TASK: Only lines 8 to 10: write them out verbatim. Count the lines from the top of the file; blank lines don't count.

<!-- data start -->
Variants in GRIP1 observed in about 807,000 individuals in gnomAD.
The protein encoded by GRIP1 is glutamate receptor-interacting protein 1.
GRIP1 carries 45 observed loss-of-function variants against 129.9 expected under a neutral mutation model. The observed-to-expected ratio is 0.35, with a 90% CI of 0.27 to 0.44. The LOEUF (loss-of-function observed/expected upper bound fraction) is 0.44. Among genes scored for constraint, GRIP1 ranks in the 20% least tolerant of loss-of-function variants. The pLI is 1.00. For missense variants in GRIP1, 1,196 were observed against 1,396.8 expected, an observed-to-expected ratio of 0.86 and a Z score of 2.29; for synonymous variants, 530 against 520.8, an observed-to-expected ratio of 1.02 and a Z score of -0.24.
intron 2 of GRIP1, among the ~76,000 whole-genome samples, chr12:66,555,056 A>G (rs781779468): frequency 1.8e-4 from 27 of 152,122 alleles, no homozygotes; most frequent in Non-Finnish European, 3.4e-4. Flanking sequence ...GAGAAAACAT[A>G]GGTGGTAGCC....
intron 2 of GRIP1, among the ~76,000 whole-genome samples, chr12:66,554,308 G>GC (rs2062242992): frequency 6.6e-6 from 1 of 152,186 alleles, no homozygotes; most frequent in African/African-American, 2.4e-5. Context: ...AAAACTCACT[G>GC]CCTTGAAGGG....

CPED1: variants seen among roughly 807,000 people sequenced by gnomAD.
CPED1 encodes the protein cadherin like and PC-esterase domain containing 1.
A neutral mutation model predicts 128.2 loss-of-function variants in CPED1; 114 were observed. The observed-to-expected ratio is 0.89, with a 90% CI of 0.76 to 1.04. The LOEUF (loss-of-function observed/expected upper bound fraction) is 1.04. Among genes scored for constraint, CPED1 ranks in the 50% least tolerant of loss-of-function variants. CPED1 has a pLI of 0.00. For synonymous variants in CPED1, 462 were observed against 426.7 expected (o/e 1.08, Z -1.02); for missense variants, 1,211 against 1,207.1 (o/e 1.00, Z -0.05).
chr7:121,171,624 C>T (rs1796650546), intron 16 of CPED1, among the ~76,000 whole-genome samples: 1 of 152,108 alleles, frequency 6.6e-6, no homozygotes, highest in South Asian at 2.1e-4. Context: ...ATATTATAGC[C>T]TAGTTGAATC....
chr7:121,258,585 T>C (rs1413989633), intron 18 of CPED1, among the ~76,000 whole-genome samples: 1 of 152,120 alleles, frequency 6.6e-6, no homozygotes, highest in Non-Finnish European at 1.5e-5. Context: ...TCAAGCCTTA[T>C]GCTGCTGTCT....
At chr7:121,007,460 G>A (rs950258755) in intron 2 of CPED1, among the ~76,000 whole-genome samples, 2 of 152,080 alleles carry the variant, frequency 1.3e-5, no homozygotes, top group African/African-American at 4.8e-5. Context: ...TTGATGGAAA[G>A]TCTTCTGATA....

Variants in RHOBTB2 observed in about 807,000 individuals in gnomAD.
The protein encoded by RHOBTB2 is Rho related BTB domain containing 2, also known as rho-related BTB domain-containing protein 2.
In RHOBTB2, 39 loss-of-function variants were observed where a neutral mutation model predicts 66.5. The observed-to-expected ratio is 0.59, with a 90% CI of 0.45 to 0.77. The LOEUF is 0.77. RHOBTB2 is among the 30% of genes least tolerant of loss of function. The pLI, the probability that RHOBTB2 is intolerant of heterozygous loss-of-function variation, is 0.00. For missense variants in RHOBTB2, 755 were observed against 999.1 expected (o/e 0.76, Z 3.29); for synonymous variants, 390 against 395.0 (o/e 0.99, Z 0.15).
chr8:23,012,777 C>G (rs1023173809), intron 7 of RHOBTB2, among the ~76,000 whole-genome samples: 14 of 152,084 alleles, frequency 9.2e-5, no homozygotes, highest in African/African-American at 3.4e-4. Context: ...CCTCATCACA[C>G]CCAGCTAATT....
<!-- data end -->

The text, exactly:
A neutral mutation model predicts 128.2 loss-of-function variants in CPED1; 114 were observed. The observed-to-expected ratio is 0.89, with a 90% CI of 0.76 to 1.04. The LOEUF (loss-of-function observed/expected upper bound fraction) is 1.04. Among genes scored for constraint, CPED1 ranks in the 50% least tolerant of loss-of-function variants. CPED1 has a pLI of 0.00. For synonymous variants in CPED1, 462 were observed against 426.7 expected (o/e 1.08, Z -1.02); for missense variants, 1,211 against 1,207.1 (o/e 1.00, Z -0.05).
chr7:121,171,624 C>T (rs1796650546), intron 16 of CPED1, among the ~76,000 whole-genome samples: 1 of 152,108 alleles, frequency 6.6e-6, no homozygotes, highest in South Asian at 2.1e-4. Context: ...ATATTATAGC[C>T]TAGTTGAATC....
chr7:121,258,585 T>C (rs1413989633), intron 18 of CPED1, among the ~76,000 whole-genome samples: 1 of 152,120 alleles, frequency 6.6e-6, no homozygotes, highest in Non-Finnish European at 1.5e-5. Context: ...TCAAGCCTTA[T>C]GCTGCTGTCT....